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In English, a "mantis" is a type of predatory insect. They're also called "praying mantises" because of the shape of their forelegs.

The name seems, quite transparently, to come from Ancient Greek μάντις "prophet". But while it's clear to me how they're "praying", it's much less clear how they're meant to be "prophets".

So, how did these insects come to be "prophets"? Was there a myth connecting them to oracles and prophecy, for example? Or did the word μάντις have another meaning (either in Greek or in Latin) that's more applicable?

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    The L&S entry gives an example from Theocritus (3rd c. BC) that uses this word for the insect. My guess is that the "praying" posture can easily extended to cover a "prophet," but I have no evidence.
    – brianpck
    Sep 30 '20 at 21:41
  • @brianpck I agree. Praying is talking to God. Prophets need to hear God in order to talk for him
    – Rafael
    Sep 30 '20 at 21:57
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    @brianpck Perhaps, but μάντις is related to μῆνις (from μαίνομαι), isn't it? The word usually makes me think of a frenzied oracle crying out in the throes of prophetic ecstasy, whereas the insect's posture makes me think more of a solemn priest or monk. (It may not have had those implications to the ancients, though.)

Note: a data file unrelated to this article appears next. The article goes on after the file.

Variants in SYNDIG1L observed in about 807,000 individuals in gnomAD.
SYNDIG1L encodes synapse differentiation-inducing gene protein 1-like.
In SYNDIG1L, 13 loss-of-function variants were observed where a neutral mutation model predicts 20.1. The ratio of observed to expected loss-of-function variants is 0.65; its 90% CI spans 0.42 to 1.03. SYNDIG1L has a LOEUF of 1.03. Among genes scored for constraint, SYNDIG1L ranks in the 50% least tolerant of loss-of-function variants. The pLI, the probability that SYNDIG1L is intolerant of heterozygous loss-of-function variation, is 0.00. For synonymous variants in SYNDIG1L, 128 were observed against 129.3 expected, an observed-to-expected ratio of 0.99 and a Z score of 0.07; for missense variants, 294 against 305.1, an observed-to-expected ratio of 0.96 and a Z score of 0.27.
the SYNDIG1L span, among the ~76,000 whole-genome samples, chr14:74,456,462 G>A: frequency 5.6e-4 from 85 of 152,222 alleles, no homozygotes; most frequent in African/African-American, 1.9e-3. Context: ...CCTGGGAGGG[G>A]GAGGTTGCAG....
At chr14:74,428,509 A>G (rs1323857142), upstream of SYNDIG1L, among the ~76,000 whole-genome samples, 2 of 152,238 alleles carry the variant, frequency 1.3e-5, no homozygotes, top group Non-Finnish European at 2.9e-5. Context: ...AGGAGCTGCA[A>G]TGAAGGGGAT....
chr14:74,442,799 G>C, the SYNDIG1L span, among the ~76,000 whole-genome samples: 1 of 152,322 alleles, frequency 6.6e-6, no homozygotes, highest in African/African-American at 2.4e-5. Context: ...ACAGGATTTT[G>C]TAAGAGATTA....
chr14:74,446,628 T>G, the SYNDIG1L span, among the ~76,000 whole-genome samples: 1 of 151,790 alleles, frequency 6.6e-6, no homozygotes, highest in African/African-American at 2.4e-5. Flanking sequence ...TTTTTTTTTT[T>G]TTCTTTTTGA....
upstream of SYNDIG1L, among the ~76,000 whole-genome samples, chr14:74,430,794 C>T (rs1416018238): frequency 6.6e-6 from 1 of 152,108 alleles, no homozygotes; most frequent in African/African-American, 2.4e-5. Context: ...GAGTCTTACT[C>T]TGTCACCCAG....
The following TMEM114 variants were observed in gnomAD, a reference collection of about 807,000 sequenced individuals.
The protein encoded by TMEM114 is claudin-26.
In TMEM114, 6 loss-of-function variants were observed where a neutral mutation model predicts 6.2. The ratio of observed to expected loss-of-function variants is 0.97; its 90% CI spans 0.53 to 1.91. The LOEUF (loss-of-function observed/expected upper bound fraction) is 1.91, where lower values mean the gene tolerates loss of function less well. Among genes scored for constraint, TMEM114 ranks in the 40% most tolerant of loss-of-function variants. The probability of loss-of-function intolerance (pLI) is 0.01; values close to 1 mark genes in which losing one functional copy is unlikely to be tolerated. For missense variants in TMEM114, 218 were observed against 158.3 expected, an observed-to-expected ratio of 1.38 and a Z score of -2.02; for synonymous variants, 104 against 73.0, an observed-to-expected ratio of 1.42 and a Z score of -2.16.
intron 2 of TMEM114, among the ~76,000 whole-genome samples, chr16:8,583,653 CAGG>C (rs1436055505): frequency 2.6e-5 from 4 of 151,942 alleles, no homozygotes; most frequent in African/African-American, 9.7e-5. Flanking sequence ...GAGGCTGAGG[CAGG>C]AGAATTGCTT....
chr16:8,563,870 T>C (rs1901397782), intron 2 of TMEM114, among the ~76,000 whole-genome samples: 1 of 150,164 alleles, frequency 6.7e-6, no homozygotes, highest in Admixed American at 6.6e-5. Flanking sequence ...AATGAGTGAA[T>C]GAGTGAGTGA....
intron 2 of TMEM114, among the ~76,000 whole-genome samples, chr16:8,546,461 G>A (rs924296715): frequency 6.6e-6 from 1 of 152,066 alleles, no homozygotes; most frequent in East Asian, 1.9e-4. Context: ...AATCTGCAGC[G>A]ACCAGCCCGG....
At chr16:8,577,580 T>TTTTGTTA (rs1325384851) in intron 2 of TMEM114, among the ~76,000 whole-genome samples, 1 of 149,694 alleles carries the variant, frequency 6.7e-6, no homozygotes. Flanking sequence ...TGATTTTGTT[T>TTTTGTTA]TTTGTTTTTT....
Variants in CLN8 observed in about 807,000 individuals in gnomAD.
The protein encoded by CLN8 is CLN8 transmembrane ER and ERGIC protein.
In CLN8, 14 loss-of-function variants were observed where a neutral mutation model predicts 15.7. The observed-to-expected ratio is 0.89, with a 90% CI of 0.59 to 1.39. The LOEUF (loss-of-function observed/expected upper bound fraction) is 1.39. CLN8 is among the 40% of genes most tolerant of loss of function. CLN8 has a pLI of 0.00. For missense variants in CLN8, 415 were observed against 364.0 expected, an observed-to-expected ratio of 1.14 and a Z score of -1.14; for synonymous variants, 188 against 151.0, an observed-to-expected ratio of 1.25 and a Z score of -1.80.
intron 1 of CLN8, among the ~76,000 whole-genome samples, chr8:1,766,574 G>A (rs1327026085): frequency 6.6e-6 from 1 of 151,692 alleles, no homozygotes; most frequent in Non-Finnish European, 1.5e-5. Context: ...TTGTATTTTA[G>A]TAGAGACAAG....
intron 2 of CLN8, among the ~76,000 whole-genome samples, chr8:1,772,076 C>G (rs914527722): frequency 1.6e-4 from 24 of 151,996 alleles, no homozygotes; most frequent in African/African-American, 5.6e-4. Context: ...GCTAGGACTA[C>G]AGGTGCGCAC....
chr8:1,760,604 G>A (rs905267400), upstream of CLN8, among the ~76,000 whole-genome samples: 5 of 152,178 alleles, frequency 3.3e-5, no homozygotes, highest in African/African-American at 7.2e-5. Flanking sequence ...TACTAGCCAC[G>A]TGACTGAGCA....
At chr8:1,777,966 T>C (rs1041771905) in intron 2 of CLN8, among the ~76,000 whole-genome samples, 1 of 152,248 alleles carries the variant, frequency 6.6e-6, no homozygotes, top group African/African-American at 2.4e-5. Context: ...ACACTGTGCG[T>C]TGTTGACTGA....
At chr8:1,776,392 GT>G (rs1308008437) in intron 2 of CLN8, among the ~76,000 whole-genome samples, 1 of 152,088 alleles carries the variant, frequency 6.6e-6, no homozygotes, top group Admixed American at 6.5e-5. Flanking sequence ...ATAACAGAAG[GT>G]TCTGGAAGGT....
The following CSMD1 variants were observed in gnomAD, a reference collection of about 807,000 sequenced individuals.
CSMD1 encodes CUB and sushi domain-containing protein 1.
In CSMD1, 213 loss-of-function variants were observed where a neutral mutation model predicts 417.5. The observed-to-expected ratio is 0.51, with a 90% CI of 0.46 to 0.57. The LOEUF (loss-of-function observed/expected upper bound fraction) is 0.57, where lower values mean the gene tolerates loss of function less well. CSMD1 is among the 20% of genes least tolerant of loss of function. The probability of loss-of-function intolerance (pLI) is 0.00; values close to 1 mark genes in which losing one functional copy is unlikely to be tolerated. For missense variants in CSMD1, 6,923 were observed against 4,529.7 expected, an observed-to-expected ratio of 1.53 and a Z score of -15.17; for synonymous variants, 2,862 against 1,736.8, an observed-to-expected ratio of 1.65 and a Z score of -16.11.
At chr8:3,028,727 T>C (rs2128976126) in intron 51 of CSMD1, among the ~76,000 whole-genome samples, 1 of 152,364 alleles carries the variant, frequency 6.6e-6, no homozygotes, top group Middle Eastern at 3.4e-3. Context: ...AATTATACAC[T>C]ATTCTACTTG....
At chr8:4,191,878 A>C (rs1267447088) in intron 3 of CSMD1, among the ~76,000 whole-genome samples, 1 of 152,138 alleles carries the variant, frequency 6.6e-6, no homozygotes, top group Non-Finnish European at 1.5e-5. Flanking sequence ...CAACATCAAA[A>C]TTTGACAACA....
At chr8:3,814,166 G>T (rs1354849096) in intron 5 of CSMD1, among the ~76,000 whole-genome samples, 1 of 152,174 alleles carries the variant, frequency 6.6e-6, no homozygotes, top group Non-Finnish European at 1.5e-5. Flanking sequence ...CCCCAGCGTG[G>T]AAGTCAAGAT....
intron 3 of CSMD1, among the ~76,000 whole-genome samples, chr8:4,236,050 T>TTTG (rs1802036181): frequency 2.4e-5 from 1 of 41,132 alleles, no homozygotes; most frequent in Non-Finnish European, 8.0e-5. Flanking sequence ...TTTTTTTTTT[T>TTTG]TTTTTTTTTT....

– Draconis
    Sep 30 '20 at 22:14
  • @Rafael (as above; I can't @ two people in a single comment unfortunately)
    – Draconis
    Sep 30 '20 at 22:14
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    I don't really know whether prophets in Antiquity used to fold their hands.
    – Cerberus
    Oct 1 '20 at 15:51
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In the third century BC, Theocritus used the word μάντις in his work, Idylls:

μάντις τοι τὰν νύκτα χροϊξεῖται καλαμαία.

Although we'll probably never have anything more than a good theory concerning this word, some scholars of Theocritus seem to think that the association with prophets has to do with the grasshopper or praying mantis being seen as a foreboding sign of a bad harvest to come. For example in Theocriti Reliquiae:

Non necesse est, intelligatur illa locusta, quae 'mantis' vocari, si quidem, conspecta in aristis, sterilem messem annuntiant.

In Arethusa oder die bukolischen Dichter des Alterthums, Friedrich Ludwig Carl Graf von Finckenstein comments:

Die Heuschrecke, welche die Feldfrüchte verwünstet; sie ist mit Recht eine Prophetin, des Hungers nämlich, zu nennen;

Translation:

The grasshopper that devours the crops; she is rightly called a prophetess, namely of hunger.

Furthermore, Ernst Christoph Bindemann has the following to say in Theokrits Idyllen Und Epigramme:

Die schrumpfige Halmenprophetinn. Man kann sich hier entweder ein besonderes Heuschreckenartiges Insect (Mantis) denken, mit denen träge, veraltete Menschen verglichen wurden und das den Menschen Unglück bedutete: oder lieber auch die gewöhnlich Heuschreke, die eben nich schön ist, und, in sofer ihre Erscheinung auf den Kornhalmen schlechte Aernten verkündigt, auch eine Prophetin heissen kann.

Translation:

The shriveled-stalk prophet. One can either imagine the specific grasshopper-like insect (mantis), with which lazy, antiquated people were compared and which signified misfortune; or perhaps the normal grasshopper, which is simply not beautiful, and, whose appearance on the corn stalks announces bad harvests, can also be called a prophetess.

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